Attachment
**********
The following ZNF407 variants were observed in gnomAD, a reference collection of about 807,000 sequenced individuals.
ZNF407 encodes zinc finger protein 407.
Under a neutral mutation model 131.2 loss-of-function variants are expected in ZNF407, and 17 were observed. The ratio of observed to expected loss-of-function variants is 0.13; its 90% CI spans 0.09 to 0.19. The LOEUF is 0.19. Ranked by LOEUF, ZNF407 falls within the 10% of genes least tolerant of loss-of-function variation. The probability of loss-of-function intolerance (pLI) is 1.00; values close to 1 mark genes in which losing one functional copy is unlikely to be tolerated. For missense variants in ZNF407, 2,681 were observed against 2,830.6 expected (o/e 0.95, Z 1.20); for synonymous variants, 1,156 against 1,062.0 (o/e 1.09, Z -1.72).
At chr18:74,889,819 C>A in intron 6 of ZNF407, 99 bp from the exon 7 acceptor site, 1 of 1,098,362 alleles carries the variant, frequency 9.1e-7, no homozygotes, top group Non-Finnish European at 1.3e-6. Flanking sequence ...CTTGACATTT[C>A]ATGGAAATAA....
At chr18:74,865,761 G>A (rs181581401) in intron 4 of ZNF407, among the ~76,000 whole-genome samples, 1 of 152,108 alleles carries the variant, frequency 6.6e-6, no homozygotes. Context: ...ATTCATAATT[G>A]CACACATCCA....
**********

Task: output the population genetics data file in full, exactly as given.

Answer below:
The following ZNF407 variants were observed in gnomAD, a reference collection of about 807,000 sequenced individuals.
ZNF407 encodes zinc finger protein 407.
Under a neutral mutation model 131.2 loss-of-function variants are expected in ZNF407, and 17 were observed. The ratio of observed to expected loss-of-function variants is 0.13; its 90% CI spans 0.09 to 0.19. The LOEUF is 0.19. Ranked by LOEUF, ZNF407 falls within the 10% of genes least tolerant of loss-of-function variation. The probability of loss-of-function intolerance (pLI) is 1.00; values close to 1 mark genes in which losing one functional copy is unlikely to be tolerated. For missense variants in ZNF407, 2,681 were observed against 2,830.6 expected (o/e 0.95, Z 1.20); for synonymous variants, 1,156 against 1,062.0 (o/e 1.09, Z -1.72).
At chr18:74,889,819 C>A in intron 6 of ZNF407, 99 bp from the exon 7 acceptor site, 1 of 1,098,362 alleles carries the variant, frequency 9.1e-7, no homozygotes, top group Non-Finnish European at 1.3e-6. Flanking sequence ...CTTGACATTT[C>A]ATGGAAATAA....
At chr18:74,865,761 G>A (rs181581401) in intron 4 of ZNF407, among the ~76,000 whole-genome samples, 1 of 152,108 alleles carries the variant, frequency 6.6e-6, no homozygotes. Context: ...ATTCATAATT[G>A]CACACATCCA....